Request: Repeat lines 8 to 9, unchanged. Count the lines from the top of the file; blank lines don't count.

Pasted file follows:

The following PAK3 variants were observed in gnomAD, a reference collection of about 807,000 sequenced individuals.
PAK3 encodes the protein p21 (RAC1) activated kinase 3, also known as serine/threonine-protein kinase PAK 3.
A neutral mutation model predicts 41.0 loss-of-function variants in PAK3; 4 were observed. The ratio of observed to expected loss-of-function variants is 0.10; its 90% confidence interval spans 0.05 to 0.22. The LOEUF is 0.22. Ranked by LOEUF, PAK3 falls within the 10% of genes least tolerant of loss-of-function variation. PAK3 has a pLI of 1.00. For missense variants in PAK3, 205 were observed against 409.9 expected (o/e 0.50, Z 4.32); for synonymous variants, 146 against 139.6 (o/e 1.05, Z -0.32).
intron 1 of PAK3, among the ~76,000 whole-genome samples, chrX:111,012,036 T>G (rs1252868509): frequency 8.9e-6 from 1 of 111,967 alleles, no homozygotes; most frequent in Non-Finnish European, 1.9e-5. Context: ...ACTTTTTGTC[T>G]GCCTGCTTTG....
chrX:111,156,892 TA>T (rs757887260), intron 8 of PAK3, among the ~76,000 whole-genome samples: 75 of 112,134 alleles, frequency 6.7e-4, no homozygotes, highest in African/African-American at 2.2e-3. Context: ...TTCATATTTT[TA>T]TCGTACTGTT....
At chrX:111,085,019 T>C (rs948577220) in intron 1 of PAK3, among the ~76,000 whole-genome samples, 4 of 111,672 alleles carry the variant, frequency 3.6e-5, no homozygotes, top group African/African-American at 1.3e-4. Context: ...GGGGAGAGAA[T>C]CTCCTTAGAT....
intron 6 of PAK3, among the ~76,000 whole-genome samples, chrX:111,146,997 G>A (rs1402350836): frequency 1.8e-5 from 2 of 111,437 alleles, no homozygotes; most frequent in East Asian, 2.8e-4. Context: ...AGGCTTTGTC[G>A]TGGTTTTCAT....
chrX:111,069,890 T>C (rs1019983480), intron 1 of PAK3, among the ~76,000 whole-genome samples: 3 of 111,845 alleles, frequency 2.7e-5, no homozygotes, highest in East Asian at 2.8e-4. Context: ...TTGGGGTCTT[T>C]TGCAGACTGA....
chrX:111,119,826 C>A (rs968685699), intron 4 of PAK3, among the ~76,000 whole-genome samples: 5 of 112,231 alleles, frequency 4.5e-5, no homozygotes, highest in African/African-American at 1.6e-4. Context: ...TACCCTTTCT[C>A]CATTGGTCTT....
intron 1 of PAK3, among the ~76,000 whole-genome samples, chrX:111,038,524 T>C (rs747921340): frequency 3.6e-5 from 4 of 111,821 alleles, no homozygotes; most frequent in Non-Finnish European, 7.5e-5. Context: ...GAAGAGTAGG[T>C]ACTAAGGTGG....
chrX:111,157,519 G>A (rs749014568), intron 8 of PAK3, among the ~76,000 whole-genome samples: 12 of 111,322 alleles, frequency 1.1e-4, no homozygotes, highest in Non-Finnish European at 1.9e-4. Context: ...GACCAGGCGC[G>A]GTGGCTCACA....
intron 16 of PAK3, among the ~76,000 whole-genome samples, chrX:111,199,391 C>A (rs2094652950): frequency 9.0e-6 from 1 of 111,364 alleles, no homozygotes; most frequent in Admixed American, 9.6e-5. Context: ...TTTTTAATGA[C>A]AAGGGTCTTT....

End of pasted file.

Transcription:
chrX:111,069,890 T>C (rs1019983480), intron 1 of PAK3, among the ~76,000 whole-genome samples: 3 of 111,845 alleles, frequency 2.7e-5, no homozygotes, highest in East Asian at 2.8e-4. Context: ...TTGGGGTCTT[T>C]TGCAGACTGA....
chrX:111,119,826 C>A (rs968685699), intron 4 of PAK3, among the ~76,000 whole-genome samples: 5 of 112,231 alleles, frequency 4.5e-5, no homozygotes, highest in African/African-American at 1.6e-4. Context: ...TACCCTTTCT[C>A]CATTGGTCTT....